In the journal Chiropractic & Manual Therapies, a study was published on July 24, 2019, that reviewed the availability of chiropractic world-wide. The study titled; “The chiropractic workforce: a global review”, also looked at the number of chiropractors, and the legality in various countries.
The authors of the report start by noting that there is a global shortage of health care workers. “Health workers are the engine of our health care systems. Yet, the world is faced with a chronic shortage of health workers. In 2013, the World Health Organization (WHO) estimated a global shortage of 7.2 million health workers, with 83 countries facing a health worker crisis.”
This study points out that there is a growing number of “careseeking elderly people.” This increase in the elderly population leads to an increase of disability, particularly as it relates to musculoskeletal conditions. They estimate that the rate of disability ranges from the average of 11.8% in high income countries to 18.0% in lower income countries. This translates to about one billion people world-wide.
To help meet the challenge of a population in need, this study looked at the number of chiropractors and distribution in 193 United Nations countries. The research looked at factors such as the total number of chiropractors in each region or country, the level of education needed to practice, licensing and legality of practice, and the scope of practice for chiropractic.
The data for this study was collected from a number of sources including chiropractic organizations that were members of the World Federation of Chiropractic, as well as government websites and online data searches.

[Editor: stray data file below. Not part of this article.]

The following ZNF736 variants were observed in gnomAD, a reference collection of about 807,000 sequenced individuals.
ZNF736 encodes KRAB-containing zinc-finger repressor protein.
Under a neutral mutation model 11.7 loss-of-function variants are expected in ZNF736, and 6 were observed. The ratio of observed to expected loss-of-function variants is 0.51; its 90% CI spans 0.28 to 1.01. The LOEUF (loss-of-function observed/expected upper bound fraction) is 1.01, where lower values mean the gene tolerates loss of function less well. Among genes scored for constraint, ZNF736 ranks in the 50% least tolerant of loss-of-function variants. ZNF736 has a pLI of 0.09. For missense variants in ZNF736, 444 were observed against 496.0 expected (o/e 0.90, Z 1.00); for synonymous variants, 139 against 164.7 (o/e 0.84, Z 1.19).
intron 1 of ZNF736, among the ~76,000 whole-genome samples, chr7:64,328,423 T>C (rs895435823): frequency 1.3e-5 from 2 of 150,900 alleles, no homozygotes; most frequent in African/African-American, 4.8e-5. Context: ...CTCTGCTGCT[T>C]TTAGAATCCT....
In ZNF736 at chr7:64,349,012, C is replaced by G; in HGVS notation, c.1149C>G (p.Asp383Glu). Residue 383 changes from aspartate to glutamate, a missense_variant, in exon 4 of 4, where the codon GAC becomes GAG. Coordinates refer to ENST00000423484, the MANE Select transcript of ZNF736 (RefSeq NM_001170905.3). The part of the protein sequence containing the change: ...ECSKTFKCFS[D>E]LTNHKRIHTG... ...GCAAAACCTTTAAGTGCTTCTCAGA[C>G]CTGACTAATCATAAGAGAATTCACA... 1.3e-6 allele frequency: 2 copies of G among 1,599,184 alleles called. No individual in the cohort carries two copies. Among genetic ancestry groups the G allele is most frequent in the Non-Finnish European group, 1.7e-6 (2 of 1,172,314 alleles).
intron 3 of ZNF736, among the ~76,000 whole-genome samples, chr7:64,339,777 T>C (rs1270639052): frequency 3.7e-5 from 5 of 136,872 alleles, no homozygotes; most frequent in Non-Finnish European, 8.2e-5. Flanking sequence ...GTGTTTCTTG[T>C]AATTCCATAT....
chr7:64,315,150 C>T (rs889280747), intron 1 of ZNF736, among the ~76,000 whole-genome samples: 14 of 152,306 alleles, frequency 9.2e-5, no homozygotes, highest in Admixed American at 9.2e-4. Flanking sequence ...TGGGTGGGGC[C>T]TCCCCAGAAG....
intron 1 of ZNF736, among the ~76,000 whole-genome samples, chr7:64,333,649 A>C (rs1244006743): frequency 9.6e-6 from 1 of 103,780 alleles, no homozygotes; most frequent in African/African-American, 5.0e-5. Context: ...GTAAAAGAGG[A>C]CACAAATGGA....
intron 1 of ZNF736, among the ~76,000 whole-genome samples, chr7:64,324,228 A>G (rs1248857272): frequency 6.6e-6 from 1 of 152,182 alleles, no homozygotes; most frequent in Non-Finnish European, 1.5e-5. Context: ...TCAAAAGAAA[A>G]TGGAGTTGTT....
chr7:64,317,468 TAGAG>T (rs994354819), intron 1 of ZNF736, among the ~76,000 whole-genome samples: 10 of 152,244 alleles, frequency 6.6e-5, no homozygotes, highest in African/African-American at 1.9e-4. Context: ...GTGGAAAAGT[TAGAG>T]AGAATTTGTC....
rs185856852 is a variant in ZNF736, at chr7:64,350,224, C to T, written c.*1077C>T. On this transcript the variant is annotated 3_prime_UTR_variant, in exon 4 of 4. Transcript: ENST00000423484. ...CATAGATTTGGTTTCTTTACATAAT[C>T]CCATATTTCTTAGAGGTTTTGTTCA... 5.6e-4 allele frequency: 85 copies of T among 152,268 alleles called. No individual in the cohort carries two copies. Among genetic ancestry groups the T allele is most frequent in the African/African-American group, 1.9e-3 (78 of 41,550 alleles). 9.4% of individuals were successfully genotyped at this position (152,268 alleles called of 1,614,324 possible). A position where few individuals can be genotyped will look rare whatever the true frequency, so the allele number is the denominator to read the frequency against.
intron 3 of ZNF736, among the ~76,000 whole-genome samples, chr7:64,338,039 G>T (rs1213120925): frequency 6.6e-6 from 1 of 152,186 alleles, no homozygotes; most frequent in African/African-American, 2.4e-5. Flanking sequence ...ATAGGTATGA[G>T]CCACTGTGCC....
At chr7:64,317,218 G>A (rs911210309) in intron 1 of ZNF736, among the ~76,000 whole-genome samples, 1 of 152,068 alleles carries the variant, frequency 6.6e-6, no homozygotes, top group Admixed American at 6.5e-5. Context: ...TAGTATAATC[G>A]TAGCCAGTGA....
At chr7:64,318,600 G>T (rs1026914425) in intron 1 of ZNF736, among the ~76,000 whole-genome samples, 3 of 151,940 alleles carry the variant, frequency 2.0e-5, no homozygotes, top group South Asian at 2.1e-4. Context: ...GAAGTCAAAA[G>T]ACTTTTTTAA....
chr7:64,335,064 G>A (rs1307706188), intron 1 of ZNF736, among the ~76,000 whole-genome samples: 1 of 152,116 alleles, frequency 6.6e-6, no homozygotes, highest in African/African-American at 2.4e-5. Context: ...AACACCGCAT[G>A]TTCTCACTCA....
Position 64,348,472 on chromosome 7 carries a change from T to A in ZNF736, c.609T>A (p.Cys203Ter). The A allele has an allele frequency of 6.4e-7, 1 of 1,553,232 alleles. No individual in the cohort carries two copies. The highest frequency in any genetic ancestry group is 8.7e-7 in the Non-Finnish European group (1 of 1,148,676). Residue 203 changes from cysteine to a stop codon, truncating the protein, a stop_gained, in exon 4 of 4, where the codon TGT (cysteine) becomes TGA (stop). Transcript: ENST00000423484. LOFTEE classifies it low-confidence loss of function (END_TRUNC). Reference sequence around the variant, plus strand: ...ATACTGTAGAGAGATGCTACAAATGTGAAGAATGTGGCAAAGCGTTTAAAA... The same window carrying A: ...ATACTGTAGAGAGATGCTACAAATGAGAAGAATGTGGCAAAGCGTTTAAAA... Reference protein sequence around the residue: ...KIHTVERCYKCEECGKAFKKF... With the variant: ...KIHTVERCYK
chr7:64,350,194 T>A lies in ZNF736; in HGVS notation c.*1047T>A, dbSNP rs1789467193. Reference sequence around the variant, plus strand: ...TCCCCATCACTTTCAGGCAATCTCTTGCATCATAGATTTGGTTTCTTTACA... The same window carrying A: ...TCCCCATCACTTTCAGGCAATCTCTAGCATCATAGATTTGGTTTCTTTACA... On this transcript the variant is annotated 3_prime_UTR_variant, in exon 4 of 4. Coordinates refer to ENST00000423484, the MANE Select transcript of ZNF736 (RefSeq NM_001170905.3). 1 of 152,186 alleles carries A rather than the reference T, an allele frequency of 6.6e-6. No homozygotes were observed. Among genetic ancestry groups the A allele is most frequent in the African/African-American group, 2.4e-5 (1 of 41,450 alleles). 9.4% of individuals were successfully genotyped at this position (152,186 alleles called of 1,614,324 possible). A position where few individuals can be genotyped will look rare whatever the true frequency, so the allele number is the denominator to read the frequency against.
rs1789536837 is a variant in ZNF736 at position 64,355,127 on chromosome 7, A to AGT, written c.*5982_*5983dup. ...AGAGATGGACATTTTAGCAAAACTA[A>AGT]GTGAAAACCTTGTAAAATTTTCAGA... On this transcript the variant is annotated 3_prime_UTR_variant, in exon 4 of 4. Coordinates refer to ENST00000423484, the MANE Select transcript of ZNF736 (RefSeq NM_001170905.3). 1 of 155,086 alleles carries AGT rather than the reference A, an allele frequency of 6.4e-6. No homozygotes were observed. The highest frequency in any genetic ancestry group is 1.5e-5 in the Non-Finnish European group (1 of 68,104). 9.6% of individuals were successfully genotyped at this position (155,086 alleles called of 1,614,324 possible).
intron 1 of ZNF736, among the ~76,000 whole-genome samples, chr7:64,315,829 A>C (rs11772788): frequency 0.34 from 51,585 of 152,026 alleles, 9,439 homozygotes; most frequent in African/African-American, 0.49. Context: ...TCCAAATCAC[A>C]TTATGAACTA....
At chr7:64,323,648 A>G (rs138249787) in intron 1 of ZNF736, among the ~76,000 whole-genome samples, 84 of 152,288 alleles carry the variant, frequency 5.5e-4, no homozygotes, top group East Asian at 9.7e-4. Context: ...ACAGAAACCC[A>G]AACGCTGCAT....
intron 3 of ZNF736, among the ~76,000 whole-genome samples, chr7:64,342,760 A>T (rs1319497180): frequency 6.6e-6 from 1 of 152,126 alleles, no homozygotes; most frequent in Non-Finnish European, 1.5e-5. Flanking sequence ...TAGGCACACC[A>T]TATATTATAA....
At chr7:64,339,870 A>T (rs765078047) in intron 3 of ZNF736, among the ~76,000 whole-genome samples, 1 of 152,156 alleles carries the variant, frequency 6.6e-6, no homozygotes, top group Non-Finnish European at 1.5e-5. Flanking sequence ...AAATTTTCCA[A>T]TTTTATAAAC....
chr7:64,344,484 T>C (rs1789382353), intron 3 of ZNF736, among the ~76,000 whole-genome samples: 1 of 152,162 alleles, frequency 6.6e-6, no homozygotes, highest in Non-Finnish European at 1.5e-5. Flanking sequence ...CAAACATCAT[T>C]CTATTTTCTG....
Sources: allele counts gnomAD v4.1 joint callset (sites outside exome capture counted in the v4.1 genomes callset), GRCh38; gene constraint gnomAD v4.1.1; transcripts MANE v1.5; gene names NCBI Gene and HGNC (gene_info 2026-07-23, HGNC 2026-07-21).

The study found that there was at least one practicing chiropractor in 90 out of 193 countries. Worldwide, the total number of chiropractors according to this study was 103,469. Not surprisingly, since chiropractic began in the U.S., 77,000 of the total number are in the United States. This translates into 23.7 chiropractors for every 100,000 people, which is the highest density in the world.
There 48 chiropractic educational programs currently in 19 countries, predominantly located in English-speaking and/or high-income countries. Again, the U.S. leads in the number of chiropractic schools having 18 of the total number. Australia has the second highest number of schools with four.
There are 81 countries where their populations have direct access to chiropractic care. In two countries, the Bahamas and Saudi Arabia, a medical referral is needed to see a chiropractor. In 46 countries, just slightly over half of the countries that have chiropractic, the care was partially or fully covered by governmental health programs or private health insurance.
Chiropractic is legally recognized in 68 (75.6%) of the 90 countries. In 12 countries, chiropractic is illegal. Those countries include Egypt, Argentina, Columbia, Austria, Estonia, Greece, Hungary, Lebanon, Republic of Korea, Taiwan, Turkey, and Ukraine. In 10 countries, chiropractic does not fall under the law, leaving chiropractic neither legal or illegal.
In their conclusion, the authors note that chiropractic services are not evenly distributed throughout the world. “The profession is represented in 90 countries, but the distribution, chiropractic educational institutions, and governing legislations and regulations largely favour high-income countries. There is a large under-representation in low- and middle-income countries in terms of provision of services, education and legislative and regulatory frameworks, and the available data from these countries are limited.”